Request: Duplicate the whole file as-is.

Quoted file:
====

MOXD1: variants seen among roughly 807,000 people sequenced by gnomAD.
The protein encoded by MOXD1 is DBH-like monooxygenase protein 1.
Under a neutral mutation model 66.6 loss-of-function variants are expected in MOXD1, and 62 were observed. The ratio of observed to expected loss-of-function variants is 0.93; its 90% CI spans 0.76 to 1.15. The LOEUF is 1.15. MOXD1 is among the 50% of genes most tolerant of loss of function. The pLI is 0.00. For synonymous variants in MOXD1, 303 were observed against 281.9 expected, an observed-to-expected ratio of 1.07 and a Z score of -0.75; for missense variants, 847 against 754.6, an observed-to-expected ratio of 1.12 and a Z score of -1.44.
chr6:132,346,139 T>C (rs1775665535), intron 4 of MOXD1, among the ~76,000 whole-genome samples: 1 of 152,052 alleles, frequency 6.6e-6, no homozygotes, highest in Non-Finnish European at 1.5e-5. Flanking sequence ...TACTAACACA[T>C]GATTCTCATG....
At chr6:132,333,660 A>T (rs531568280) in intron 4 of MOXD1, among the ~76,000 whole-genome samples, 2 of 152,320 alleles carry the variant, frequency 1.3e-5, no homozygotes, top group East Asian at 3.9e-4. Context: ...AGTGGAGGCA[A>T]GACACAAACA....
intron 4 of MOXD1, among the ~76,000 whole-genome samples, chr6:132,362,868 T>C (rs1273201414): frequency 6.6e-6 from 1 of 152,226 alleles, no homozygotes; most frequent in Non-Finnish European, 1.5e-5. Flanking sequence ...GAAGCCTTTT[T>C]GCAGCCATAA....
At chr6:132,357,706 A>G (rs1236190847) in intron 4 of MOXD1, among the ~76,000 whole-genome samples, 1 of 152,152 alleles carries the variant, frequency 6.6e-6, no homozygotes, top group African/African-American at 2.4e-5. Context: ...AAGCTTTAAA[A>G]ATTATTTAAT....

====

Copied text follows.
MOXD1: variants seen among roughly 807,000 people sequenced by gnomAD.
The protein encoded by MOXD1 is DBH-like monooxygenase protein 1.
Under a neutral mutation model 66.6 loss-of-function variants are expected in MOXD1, and 62 were observed. The ratio of observed to expected loss-of-function variants is 0.93; its 90% CI spans 0.76 to 1.15. The LOEUF is 1.15. MOXD1 is among the 50% of genes most tolerant of loss of function. The pLI is 0.00. For synonymous variants in MOXD1, 303 were observed against 281.9 expected, an observed-to-expected ratio of 1.07 and a Z score of -0.75; for missense variants, 847 against 754.6, an observed-to-expected ratio of 1.12 and a Z score of -1.44.
chr6:132,346,139 T>C (rs1775665535), intron 4 of MOXD1, among the ~76,000 whole-genome samples: 1 of 152,052 alleles, frequency 6.6e-6, no homozygotes, highest in Non-Finnish European at 1.5e-5. Flanking sequence ...TACTAACACA[T>C]GATTCTCATG....
At chr6:132,333,660 A>T (rs531568280) in intron 4 of MOXD1, among the ~76,000 whole-genome samples, 2 of 152,320 alleles carry the variant, frequency 1.3e-5, no homozygotes, top group East Asian at 3.9e-4. Context: ...AGTGGAGGCA[A>T]GACACAAACA....
intron 4 of MOXD1, among the ~76,000 whole-genome samples, chr6:132,362,868 T>C (rs1273201414): frequency 6.6e-6 from 1 of 152,226 alleles, no homozygotes; most frequent in Non-Finnish European, 1.5e-5. Flanking sequence ...GAAGCCTTTT[T>C]GCAGCCATAA....
At chr6:132,357,706 A>G (rs1236190847) in intron 4 of MOXD1, among the ~76,000 whole-genome samples, 1 of 152,152 alleles carries the variant, frequency 6.6e-6, no homozygotes, top group African/African-American at 2.4e-5. Context: ...AAGCTTTAAA[A>G]ATTATTTAAT....